The dismal double standard of World Cup coverage

June 12, 2015
Category: Uncategorized

Team USA’s Alex Morgan, top, celebrates her goal with teammate Lauren Cheney and Megan Rapinoe during the semifinal match between France and the United States at the 2011 Women’s World Cup. (Photo by Marcio Jose Sanchez/AP)

“Siri, when is the next Women’s World Cup game?”

“Sorry, I don’t know about Women’s World Cup.”

Her matter-of-fact response would have been funny if it wasn’t so sad. Finding information about the Women’s World Cup has been exceedingly difficult, at least compared to the onslaught of readily accessible coverage that the World Cup (not the Men’s World Cup, mind you), typically receives.

There are no auto-populated Google results for the match schedule. No CNN breaking news alerts for game results. Fox Sports, which is providing coverage of the tournament, didn’t create a bracket for fans. Even poor Siri is lost.

The message is loud and clear: Women’s sports aren’t deemed as important.

Come on, Siri. (Screen grab)

Come on, Siri. (Screen grab)

A recent survey of local broadcast affiliates by the University of Southern California revealed that television news coverage of women’s sports has dropped considerably in the past 25 years. In 1989, three LA affiliates included in the study dedicated just 5 percent of their coverage to women’s sports. That number dipped to a dismal 3.2 percent in 2014.

The disparity of coverage isn’t just on TV. Several broadcast outlets, including Fox and ESPN, created digital interactive brackets for the 2014 men’s World Cup. Neither broadcaster is offering a similar experience for fans following the Women’s World Cup, as Anna Clark pointed out in the Columbia Journalism Review. Poynter’s Kristen Hare noticed a dearth of front-page newspaper placement – in the U.S. and elsewhere – following matches throughout the week. And more often than not, the coverage that does exist is relegated to places like espnW, ESPN’s niche site for women’s sports.

UPDATE: An ESPN spokesperson contacted me with this note — “While espnW is driving the coverage in a combined effort with ESPNFC and, WWC is featured on the home page of and ESPNFC daily. We are maximizing the presentation across all of our platforms.”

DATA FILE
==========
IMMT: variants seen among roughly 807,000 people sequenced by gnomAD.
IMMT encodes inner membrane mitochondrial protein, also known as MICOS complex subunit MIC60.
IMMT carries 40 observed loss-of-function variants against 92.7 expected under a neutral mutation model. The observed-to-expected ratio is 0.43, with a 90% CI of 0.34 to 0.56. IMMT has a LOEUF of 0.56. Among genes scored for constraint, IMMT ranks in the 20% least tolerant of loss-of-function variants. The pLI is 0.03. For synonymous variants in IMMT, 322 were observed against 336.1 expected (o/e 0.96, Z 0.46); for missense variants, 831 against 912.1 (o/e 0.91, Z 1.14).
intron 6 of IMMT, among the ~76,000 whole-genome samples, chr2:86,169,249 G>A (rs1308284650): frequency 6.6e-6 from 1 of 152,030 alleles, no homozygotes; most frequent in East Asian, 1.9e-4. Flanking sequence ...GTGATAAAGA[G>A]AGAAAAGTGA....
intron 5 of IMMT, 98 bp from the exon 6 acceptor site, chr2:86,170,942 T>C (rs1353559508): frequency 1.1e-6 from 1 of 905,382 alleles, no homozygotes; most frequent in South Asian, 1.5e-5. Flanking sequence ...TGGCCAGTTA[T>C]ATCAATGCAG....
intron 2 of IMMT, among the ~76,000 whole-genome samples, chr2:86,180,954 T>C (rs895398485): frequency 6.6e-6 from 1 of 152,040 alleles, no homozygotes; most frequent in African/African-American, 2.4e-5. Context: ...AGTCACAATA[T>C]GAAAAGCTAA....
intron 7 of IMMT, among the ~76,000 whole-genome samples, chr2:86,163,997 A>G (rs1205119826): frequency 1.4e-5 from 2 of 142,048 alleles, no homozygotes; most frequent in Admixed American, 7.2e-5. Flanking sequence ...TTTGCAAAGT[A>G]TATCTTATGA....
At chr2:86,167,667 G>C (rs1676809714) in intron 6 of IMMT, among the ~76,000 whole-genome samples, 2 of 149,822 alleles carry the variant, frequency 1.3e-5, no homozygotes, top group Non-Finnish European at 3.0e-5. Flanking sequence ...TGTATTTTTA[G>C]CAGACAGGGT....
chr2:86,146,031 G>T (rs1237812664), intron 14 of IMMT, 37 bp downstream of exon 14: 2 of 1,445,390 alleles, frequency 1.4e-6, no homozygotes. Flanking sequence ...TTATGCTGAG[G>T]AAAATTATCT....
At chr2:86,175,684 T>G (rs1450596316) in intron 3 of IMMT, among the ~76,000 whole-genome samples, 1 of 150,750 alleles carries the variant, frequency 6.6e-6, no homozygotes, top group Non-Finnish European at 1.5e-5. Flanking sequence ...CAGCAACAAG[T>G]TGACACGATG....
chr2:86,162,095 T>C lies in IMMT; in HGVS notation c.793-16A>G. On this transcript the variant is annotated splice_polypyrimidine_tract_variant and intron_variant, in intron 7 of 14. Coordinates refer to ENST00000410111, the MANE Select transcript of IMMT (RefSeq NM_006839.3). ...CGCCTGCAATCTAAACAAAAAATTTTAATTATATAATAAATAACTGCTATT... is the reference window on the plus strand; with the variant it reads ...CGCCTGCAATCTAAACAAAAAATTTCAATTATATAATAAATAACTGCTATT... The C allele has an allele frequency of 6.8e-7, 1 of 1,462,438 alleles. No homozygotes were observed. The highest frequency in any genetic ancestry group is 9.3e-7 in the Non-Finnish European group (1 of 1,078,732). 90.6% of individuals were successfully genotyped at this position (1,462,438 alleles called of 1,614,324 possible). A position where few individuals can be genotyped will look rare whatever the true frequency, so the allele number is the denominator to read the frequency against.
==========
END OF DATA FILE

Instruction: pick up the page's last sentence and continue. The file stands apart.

There’s a lack of outcry in the media over the fact that the women are playing on artificial turf, which tears up players’ legs and increases the chance of serious injuries. Few outlets have pointed out the massive gender gap in players’ salaries (though The Atlantic published a great article on this issue). There’s even relatively little reporting out there on Hope Solo’s domestic violence charges, at least compared to similar incidents in the NFL.

The U.S. women’s soccer team is more than deserving of national attention. They won the Cup in 1991 and 1999, have four Olympic gold medals, and are currently ranked No. 2 in the world. The U.S. men can’t boast any of those accomplishments.

Forward Abby Wambach has scored more goals in international matches than any player, of any gender, ever. And although they were a bit rocky in the first half of their match against Australia, the team ultimately gelled in a way that’s rarely seen among the U.S. men.

Here’s my challenge to sports journalists: Cover the Women’s World Cup with the same fervor that you covered the World Cup last year. Speak up in editorial meetings if you notice a disparity in how women’s sports are considered – especially if they’re not mentioned at all. And let’s not just write stories (like this one) about how unfair things are.

Believe it or not, there’s a sizable audience out there. Monday’s Team USA opener against Australia drew the largest television audience on record for a Women’s World Cup stage game. The 2011 Women’s World Cup final between the U.S. and Japan was ESPN’s most-watched soccer broadcast ever. And ABC’s most-viewed soccer match of all time is still the 1999 Women’s World Cup final.

More than four decades after the passage of Title IX, the amount of young women participating in youth and high school sports has dramatically increased. But the visible role models for those aspiring female athletes are few and far between due to the disproportionate coverage given to their male counterparts.

We can help fix this.

Tonight, I’ll be cheering on the U.S. ladies as they take on No. 5-ranked Sweden. It will be an exciting match, no doubt worth watching and reporting on.

Maybe the announcers will even get all of the players’ names right this time.

There are some examples of good Women’s World Cup coverage out there. Let’s see them! Post them in the comments below or share with me on Twitter at @katiehawk.